Real Alcázar in Seville by Jets Like Taxis

If you read our blog – which I’m assuming you do, since you’re reading this – you probably know that we’re into exploring a city on foot, seeing what there is to see, sitting in cafés, meeting people, eating good food, and the like. We don’t do a whole lot of grand visits to tourist sights.

It’s not that we don’t like them. We simply know that we can never see everything, and we’d much rather walk around a city and take it in than step into museums, churches, and all that.

However…You know there had to be a ‘however.’ My folks recently came to visit us in Seville, Spain, and we knew this would give us the appropriate chance to do things that follow the typically tourist approach.

As we like the idea of having a guided tour so we can really get to know a specific sight, we called upon Concepción, who runs Sevilla Walking Tours. She came recommended by our friends at Veo Apartment, but is also a fave of Rick Steves. The latter is what makes my mom a very happy camper, so it was easy to decide who we’d like to book for a guided tour.

After a few friendly email conversations, we booked a slot with Concepción, and headed down to Plaza del Triunfo to meet up and get this thing going. It’s low season, which means we had her all to ourselves. Our inquisitive nature and childlike curiosity made that a very good thing.

Our target was the Real Alcázar in Seville, which is the oldest royal palace still in use – in all of Europe. How about that? It’s also a UNESCO World Heritage Site, and once you go there, it’s easy to see why.

Real Alcázar in Seville by Jets Like Taxis

We had heard of its interesting Mudéjar artistry and architecture, its lavish gardens, and how the palace itself is actually a palace with a palace with a wing with a wing, and so on. Builders gotta build, conquerors gotta conquer, conquerors gotta build, kings gotta have palaces, and descendent kings gotta one-up their fathers with palaces in palaces. And so goes the pattern of those with blue blood.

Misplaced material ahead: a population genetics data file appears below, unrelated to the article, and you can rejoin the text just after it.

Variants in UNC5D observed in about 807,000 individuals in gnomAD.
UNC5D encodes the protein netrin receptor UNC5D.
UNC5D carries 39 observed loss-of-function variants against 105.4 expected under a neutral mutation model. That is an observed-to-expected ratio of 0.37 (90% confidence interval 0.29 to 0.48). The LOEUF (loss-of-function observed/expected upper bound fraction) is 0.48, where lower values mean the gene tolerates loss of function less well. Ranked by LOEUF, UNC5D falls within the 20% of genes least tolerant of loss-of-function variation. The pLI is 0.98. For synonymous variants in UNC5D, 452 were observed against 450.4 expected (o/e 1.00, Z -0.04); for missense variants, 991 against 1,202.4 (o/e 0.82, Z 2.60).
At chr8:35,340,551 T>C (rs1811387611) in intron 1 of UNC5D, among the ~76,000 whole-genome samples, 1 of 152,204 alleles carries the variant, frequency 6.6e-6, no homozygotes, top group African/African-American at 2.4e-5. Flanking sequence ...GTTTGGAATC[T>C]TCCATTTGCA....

So, on we go!

When you first pass the main gate and step into the front courtyard, you’re greeted with an ancient wall. We were told that this was actually rebuilt, and you can’t really even visually see the oldest part of the palace anymore.

Real Alcázar in Seville by Jets Like Taxis

Do a 180, and you’re greeted by the ‘front’ of the palace, above which is where the royal family resides when they’re in town.

Real Alcázar in Seville by Jets Like Taxis

Parts of their residence can only be seen at certain times, so we skipped that and headed inside. We were instantly greeted by a room that was once used for trading and other business, which is decorated with paintings and pews.

Adjacent to that is another room that possibly features one of the only paintings that includes Christopher Columbus himself. No one is 100% sure of this, but he’s supposed to be the dude on the left side of the center painting. Rock on, curly locks.

Real Alcázar in Seville by Jets Like Taxis

As we moved farther into the palace, the Mudéjar artwork immediately struck us from every angle. Mudéjar is the term used for either Muslim artists who were hired by Christians (they did once live in peace, y’know), or Christian artists that tried to replicate the intricate Moorish style.